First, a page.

Homemade: Fried Chicken and Collard Greens

Fried chicken, collard greens, mashed potatoes

I recently visited a nearby farmer’s market/CSA  and left wanting to try collard greens. Debbie’s Garden and Farmer’s Market is a little confusing because it’s one purveyor offering food from various farms in the area. Debbie’s isn’t organic and sometimes the food isn’t even local but the reason I went was because a friend called to tell me that they had “carrots as big as a baseball bat and a lot of other stuff.” Not that I’m really into carrots, it’s just that he was excited to tell me about a “farmer’s market” near us. When I walked into the ramshackle building I wasn’t sure what to expect. It’s one room with shelves and bins arranged around the walls, nearly everything for sale is produce although they also have honey and nuts.

uncooked mustard greens with bacon and chicken stock

I was looking over the collard greens when Debbie, or a woman similar to Debbie, started telling me how to choose them and how to cook them. I’d never eaten collard greens before, encountering them rarely and assuming they were much like spinach (they are in the same family as cabbage and broccoli). Debbie told me to chop them up, boil them in about and inch and a half of chicken stock, add some crispy bacon and then salt and pepper them. It sounded good to me! But after the collard greens  had been in my fridge for two days I realized I was going to need to eat them with something.

Thighs and legs frying in grapeseed oil (recipe written out at the bottom)

Fried chicken came to mind. In my quest to also make fried chicken for the first time, I was concerned about fat content. I didn’t want to make something at home that I could have just bought at KFC. I turned to Cooking Light for help. I will admit, CL doesn’t always have the healthiest options. They still use plenty of butter and cheese and bacon in their recipes. But for revising something as calorie-laden as fried chicken can be, they do a good job.  This video recipe claims to “cut calories in half and reduce saturated fat by a whopping 92 percent.” I think the trick to this is to: 1. take the skin off the chicken, 2. use grapeseed oil in a small amount instead of lots of canola oil and 3. don’t use buttermilk for dredging. (Written recipe at the bottom of this post).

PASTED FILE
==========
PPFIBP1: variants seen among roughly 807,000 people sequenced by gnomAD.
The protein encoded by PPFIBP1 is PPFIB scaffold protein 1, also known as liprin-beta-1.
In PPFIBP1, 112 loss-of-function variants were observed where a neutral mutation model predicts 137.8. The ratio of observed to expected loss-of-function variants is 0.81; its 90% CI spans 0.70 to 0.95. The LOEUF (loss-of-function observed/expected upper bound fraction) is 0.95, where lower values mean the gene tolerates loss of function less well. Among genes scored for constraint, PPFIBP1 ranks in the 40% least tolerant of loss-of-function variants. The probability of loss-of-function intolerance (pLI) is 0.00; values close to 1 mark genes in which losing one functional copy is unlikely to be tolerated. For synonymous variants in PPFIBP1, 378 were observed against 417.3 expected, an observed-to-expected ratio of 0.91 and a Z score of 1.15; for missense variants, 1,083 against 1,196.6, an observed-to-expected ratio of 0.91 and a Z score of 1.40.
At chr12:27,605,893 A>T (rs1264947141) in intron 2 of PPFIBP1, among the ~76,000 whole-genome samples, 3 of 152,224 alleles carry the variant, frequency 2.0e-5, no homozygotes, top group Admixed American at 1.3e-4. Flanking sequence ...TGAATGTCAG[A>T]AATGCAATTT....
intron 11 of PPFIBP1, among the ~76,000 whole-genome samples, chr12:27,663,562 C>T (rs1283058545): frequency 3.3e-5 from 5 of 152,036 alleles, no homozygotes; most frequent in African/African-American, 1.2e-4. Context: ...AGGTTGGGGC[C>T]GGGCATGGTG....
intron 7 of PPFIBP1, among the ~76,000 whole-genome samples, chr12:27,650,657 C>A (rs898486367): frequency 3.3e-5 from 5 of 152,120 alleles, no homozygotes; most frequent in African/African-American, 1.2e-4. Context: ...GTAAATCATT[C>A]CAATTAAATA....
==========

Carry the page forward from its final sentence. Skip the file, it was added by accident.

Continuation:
drain the chicken on a paper bag instead of a peper towel

I follow the recipe pretty closely except that I’m heavy-handed in spicing the flour for the breading. The first time I made it our chicken was fragrant of pumpkin pie because the spices include ginger, nutmeg, and cinnamon (along with paprika and black pepper). We have since adjusted the spices and added some cayenne to the mix. I felt so accomplished arranging  that pretty plate of fried chicken, collard greens, and garlic mashed potatoes. (Garlic mashed potatoes are a snap to make with this. Boil potatoes, mash with your preferred amount of butter, salt, milk, and pepper and add two cloves of minced, sauteed garlic– make sure to cook the garlic or no one will love you for days).

Barefoot in the kitchen

In the end, collard greens weren’t my favorite. Sure, they have bacon and chicken stock to make them more friendly, but to me they were more like soggy spinach. I’d like to make them again and try a different preparation. Something tells me this cook might know her stuff when it comes to greens. The chicken is definitely the star of the show in this meal. The meat is moist and flavorful, if a bit greasy.  It was so fun to make a meal already so familiar and yet brand new. And even though the greens weren’t my favorite, I learned a whole new set of skills and allowed myself to be inspired. Thank goodness for collard greens.

Filling meal with a little less fat

Cooking Light’s Panfried Lower-fat Chicken (I recommend watching the 3 minute video as well)

Ingredients: 4-6 pieces of chicken (thighs and legs), skin removed, fat trimmed; 1 cup flour; 1 tsp each of paprika, cinnamon, nutmeg, ginger, black pepper; 1/4-1/2 tsp cayenne pepper or chili powder; Kosher salt, ziplock bags, cooling rack; paper bags

1. Combine all spices except the salt with flour in a ziplock bag. Dry each piece of chicken, salt with Kosher salt or fine sea salt (it sticks better and you don’t need as much 1/2-1 tsp) then put it in the bag and shake to coat.

2. Set chicken on a cooling rack on a baking sheet (they want the chicken suspended) and place in the fridge for 90 minutes to let the spices soak in. (The moisture of the chicken is utilized here instead of buttermilk or egg).

3. 15 minutes before starting, take the chicken out and let it warm up to room temp. Re-coat in spices and flour.

4. Heat up 1/4 cup of oil to start (I use medium heat). Oil is ready when a piece of bread dropped in bobs to the surface. Fry chicken in the oil, don’t crowd it, and turn every 5 minutes with tongs.

4. Drain chicken on paper bags (paper towels are too sticky and you’ll lose your breading). Enjoy!


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